States urged to target disaster aid at the poor as climate risks rise

Poorest people are set to suffer worst from heat extremes and coastal flooding linked to climate change, studies say.

With the world’s poor predicted to bear the brunt of more frequent extreme heat and worsening coastal floods in a warmer world, aid agencies are calling on governments to direct more funding into protecting the most vulnerable communities on the front lines of climate change.

The poorest fifth of the global population is expected to experience daily heat extremes due to climate change sooner than the wealthiest, according to research published on Tuesday by an international team including Britain’s University of East Anglia.

And a report released by Christian Aid this week reveals that the Indian cities of Kolkata and Mumbai are likely to have the largest number of people in the way of coastal flooding by 2070, with Dhaka in Bangladesh, China’s Guangzhou and Ho Chi Minh City in Vietnam close behind.

Ahead of the World Humanitarian Summit in Istanbul next week, and with governments gathered in Bonn to discuss how to implement the Paris climate change agreement, experts said poor nations need more international finance to deal with the growing risk of disasters linked to weather extremes and rising seas.

Alison Doig, Christian Aid’s principal climate change advisor, said climate change and the growth of coastal urban areas make flooding more likely there in the coming decades.

“Cruelly, it will be the poor that will suffer the most. Although the financial cost to cities in rich countries will be crippling, wealthier people will at least have options to relocate and receive insurance protection,” she said.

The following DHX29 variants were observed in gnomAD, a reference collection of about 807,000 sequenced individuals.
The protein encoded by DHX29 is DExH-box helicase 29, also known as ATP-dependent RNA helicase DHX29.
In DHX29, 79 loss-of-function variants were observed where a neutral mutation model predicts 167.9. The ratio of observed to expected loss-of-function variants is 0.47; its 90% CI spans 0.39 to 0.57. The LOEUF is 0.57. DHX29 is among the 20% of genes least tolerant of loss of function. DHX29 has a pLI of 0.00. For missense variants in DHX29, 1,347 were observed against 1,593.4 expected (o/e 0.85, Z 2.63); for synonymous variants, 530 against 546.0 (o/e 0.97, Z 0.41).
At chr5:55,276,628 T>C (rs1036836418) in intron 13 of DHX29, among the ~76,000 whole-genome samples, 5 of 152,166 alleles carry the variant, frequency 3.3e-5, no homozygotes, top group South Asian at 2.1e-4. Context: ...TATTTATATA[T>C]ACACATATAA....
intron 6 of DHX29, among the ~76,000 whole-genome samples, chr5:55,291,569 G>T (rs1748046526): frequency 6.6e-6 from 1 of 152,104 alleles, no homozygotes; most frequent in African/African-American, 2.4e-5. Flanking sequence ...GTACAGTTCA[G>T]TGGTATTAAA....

“Evidence shows that from New Orleans to Dhaka, it is the poorest who are most vulnerable because they have the worst infrastructure and no social or financial safety nets to help them recover.”

U.N. Secretary-General Ban Ki-moon has called on governments at the World Humanitarian Summit to dedicate at least 1 per cent of their development assistance by 2020 to reducing the risk of and preparing for disasters, up from around 0.5 per cent now.

Christian Aid says it should be increased to 5 per cent.

“There is money going into disaster resilience but it’s not always getting to the most vulnerable,” Doig told the Thomson Reuters Foundation. “We want more to go to the poorest communities.”

The extreme heat study, published in Environmental Research Letters, showed countries in low latitudes - including the Horn of Africa and West Africa - are likely to be worst affected by more frequent hot days linked to cumulative carbon dioxide emissions, despite having contributed little to them.

We need to see specific commitments in Bonn to increase adaptation finance and for that money to be spent supporting small farmers who are on the front lines of the climate crisis.

Tracy Carty, climate change expert, Oxfam